An overview of colonialism's role in the development of the encyclopedic museum.
[MUSIC PLAYING] Hello. I'd like to welcome you to this episode of Exploring Art History with Ian. My name is Ian McConnell. And today's lesson is about colonialism and the museum.
As you're watching the video, feel free to pause, move forward, or rewind as often as you feel is necessary. And as soon as you're ready, we can begin.
Today's objectives are listed below. By the end of the lesson today, you'll be able to identify and define today's key terms. Describe the historical context of the acquisition of today's works of art, and identify examples of colonial acquisitions of artwork.
Key terms, as always, are listed in yellow throughout the lesson. First key term is wunderkammer, a room usually in the house of a wealthy and/or well-traveled person, that is full of treasures and curiosities from faraway places. Kunstkammer, a room usually in the house of a wealthy person, where works of art were displayed.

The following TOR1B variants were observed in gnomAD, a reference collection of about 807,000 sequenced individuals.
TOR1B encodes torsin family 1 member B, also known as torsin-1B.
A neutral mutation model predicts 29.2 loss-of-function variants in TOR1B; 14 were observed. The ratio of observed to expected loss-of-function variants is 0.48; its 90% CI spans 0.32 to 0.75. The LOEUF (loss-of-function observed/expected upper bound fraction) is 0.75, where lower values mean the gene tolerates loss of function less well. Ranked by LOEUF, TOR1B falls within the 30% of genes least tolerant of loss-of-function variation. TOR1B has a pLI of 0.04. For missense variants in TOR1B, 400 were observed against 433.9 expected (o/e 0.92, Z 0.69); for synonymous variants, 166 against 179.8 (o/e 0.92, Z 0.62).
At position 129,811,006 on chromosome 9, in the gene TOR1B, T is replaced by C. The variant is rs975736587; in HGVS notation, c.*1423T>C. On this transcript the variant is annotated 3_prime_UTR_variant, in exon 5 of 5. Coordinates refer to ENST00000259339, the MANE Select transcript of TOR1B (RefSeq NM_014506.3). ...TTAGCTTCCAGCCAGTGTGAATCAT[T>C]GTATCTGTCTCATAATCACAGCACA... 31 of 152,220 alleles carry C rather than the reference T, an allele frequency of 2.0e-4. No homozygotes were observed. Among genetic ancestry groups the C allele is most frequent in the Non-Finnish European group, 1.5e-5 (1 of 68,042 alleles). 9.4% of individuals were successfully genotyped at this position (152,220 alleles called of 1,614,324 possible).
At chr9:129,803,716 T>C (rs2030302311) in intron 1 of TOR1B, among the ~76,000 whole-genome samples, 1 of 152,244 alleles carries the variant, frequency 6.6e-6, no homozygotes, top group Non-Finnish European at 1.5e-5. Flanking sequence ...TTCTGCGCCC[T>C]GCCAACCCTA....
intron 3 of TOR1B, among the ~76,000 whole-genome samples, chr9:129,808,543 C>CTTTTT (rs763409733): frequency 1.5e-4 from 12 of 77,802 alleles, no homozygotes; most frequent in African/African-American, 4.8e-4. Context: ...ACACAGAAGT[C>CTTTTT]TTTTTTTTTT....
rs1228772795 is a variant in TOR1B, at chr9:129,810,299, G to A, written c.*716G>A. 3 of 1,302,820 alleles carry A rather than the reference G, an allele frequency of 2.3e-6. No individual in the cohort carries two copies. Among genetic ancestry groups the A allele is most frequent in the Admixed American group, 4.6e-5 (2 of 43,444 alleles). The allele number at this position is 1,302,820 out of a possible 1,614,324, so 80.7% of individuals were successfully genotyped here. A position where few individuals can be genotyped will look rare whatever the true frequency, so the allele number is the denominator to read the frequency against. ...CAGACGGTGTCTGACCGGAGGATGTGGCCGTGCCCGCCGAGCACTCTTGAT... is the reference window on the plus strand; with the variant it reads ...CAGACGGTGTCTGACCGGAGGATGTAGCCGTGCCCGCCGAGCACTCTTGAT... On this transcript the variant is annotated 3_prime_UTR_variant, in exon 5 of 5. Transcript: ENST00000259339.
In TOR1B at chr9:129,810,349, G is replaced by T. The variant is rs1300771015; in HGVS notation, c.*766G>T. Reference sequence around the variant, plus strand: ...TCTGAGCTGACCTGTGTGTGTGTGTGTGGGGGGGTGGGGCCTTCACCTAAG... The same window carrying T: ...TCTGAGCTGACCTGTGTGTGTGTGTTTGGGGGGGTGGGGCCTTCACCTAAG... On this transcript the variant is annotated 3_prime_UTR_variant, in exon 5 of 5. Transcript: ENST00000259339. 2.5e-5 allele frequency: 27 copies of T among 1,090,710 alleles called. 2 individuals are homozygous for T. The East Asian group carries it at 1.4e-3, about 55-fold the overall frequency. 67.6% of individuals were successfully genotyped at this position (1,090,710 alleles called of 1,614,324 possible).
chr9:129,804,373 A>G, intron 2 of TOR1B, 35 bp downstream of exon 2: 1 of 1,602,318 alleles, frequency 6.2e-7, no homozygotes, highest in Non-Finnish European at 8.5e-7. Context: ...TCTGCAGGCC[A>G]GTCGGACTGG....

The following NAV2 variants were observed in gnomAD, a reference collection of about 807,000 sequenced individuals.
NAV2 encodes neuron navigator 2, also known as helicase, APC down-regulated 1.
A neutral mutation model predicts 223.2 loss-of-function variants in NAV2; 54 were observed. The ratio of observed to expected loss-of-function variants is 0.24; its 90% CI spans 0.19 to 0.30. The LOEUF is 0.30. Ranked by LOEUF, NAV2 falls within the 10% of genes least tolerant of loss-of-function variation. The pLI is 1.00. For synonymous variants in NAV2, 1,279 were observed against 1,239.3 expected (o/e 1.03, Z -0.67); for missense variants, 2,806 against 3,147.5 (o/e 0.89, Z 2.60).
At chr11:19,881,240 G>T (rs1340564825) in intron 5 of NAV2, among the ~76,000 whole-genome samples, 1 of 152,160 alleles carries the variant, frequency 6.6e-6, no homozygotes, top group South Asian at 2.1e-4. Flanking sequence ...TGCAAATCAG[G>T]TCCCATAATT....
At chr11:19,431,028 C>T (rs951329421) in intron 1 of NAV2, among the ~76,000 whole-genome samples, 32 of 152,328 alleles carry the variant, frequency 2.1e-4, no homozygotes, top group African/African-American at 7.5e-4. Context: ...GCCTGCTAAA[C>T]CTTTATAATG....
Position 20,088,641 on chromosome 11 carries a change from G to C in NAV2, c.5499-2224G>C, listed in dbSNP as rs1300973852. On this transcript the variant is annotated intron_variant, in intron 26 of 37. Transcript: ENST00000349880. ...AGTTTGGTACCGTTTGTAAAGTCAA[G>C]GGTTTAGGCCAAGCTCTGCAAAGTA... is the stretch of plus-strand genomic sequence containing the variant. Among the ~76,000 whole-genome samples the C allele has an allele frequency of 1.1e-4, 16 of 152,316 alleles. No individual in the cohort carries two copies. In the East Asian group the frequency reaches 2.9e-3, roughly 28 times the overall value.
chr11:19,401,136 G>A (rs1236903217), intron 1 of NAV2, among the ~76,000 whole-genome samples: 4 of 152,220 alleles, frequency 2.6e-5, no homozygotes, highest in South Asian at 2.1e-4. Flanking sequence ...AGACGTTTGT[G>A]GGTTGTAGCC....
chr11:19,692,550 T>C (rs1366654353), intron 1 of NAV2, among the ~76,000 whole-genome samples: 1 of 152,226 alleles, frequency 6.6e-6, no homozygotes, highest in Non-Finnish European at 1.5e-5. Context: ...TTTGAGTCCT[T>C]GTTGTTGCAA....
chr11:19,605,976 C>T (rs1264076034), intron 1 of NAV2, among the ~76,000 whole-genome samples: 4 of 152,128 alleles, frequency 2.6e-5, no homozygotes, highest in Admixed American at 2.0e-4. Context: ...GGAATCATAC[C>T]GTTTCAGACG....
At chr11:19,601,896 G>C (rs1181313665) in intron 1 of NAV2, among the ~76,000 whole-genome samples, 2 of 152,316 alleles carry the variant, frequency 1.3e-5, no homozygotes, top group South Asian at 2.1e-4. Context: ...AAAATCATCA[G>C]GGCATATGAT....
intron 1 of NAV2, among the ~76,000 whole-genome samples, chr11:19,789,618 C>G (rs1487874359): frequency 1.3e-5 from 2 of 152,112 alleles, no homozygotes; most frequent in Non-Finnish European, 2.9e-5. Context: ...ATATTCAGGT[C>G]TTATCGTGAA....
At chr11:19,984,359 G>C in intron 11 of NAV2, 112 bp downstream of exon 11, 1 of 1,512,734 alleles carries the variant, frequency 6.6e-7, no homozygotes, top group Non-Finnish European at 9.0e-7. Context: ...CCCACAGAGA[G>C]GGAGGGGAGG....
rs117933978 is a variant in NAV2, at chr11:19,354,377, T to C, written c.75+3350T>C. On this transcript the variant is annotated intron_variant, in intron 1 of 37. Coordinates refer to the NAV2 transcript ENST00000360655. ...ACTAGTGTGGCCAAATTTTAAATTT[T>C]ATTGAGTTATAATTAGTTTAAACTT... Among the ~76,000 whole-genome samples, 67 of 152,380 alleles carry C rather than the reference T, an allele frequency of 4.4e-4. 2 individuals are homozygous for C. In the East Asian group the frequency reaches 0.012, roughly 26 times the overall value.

Elgin Marbles, the sculptures from the Parthenon that were brought to England by Lord Elgin in the late 1700s. Benin Bronzes, sculptures from the West African city of Benin that the British seized when they attacked the city in 1897. An encyclopedic museum, a museum that attempts to provide a comprehensive view of history and/or art history.
The big idea for today is that many early museums developed from the idea of the wunderkammer or kunstkammer, a room filled with curiosities from other lands. So we'll be looking at the acquisition of artwork today that occurred between 1799 and 1897, a span of almost 100 years. We'll be traveling to Benin city, Nigeria, and Athens, Greece today.